The Department of Ophthalmology at UC San Diego School of Medicine will establish a new endowed chair thanks to a legacy gift from Trude Kahn Hollander, M.D. A longtime friend of the UC San Diego Shiley Eye Center, which houses the department, Hollander has made arrangements in her estate plan to fund the Dr. Trude K. Hollander Endowed Chair. The endowment will support a faculty member in the Division of Ophthalmic Plastic and Reconstructive Surgery.
“We appreciate Dr. Hollander’s generosity for choosing the UC San Diego Shiley Eye Center to leave her lasting legacy toward our future growth, innovation and success,” said Robert N. Weinreb, M.D., director of the Shiley Eye Center.
Recognized internationally as a leader in patient care, teaching and research, the UC San Diego Division of Ophthalmic Plastic and Reconstructive Surgery has pioneered operations and techniques that have become the standard in the field of oculofacial plastic surgery—a specialty that focuses on disorders of the eyelids, orbits, face and lacrimal system. The establishment of the Dr. Trude K. Hollander Endowed Chair will help the division to attract and retain a leading faculty member in this specialty. At UC San Diego, endowed chairs created by philanthropic gifts provide chair holders with funding support for teaching and research. As endowments, these funds live on in perpetuity.
Hollander first became aware of the division’s work when she came to the Shiley Eye Center as a patient in the late 1990s. She got to know Don O. Kikkawa, M.D., chief of the Division of Ophthalmic Plastic and Reconstructive Surgery, and they remained close friends.
“Dr. Don Kikkawa is and always has been the perfect example of a true physician who makes a difference,” said Hollander. “He has an extraordinary pair of hands and eyes which bring healing for the most complicated and rare eye conditions. He has been my idol from the moment I met him.”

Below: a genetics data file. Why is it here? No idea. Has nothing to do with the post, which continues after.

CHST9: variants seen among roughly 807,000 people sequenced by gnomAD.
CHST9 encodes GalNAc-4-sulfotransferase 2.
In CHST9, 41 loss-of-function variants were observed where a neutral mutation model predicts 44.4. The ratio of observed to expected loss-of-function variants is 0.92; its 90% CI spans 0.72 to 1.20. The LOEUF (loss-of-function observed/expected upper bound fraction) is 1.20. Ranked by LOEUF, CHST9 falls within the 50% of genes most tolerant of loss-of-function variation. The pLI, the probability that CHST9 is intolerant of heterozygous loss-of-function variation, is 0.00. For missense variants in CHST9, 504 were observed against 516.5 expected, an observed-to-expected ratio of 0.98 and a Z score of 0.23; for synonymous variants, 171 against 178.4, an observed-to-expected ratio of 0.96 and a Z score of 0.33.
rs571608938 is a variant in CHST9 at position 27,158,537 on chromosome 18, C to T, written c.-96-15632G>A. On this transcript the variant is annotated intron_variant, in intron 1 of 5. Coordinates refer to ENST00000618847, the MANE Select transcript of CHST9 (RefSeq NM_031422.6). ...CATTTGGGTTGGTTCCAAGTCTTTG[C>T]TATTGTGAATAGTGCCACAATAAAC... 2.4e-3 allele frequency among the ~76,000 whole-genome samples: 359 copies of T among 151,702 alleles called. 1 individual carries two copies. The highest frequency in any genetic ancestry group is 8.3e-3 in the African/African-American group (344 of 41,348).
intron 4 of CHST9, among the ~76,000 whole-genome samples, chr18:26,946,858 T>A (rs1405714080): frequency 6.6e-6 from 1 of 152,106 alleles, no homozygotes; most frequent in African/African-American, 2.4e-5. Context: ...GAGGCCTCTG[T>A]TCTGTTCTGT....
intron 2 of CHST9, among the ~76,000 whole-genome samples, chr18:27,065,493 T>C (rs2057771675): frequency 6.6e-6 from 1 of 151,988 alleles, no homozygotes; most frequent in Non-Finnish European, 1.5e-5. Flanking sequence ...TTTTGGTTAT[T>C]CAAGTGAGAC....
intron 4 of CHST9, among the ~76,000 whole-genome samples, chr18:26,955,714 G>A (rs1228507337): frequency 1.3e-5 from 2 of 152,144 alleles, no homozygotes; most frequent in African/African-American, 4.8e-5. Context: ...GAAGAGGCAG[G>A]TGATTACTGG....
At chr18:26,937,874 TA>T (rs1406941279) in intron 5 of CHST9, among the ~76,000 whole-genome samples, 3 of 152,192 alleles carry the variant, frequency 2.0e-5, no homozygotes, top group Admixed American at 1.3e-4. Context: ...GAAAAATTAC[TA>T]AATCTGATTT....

Hollander completed her medical degree in Bonn, Germany in 1936; she was one of four women to graduate in a class of 120. She left Germany before World War II to complete her internship at Mount Zion Hospital in San Francisco, then moved to Massachusetts and became board certified in gynecology. She met her late husband, Alfred, a prominent dermatologist, while practicing in Springfield. Hollander enjoyed a 45-year career in medicine before the couple retired to San Diego in 1979. This year, she celebrated her 104th birthday.
“Trude is an extraordinary person,” said Kikkawa. “Her grace, beauty and generosity are unparalleled. I have been extremely blessed to be her friend and am so touched and grateful for her kindness.”
At UC San Diego, the Office of Gift Planning offers a variety of ways to make an impact and create a legacy on campus. From including a bequest in a will or living trust, to designating UC San Diego as a beneficiary of a retirement account, to making a gift of an appreciated security that will provide income for life, planned gifts can help individuals achieve financial as well as philanthropic goals. To learn more, visit giftplanning.ucsd.edu. For more information about the UC San Diego Shiley Eye Center, visit shileyeye.ucsd.edu.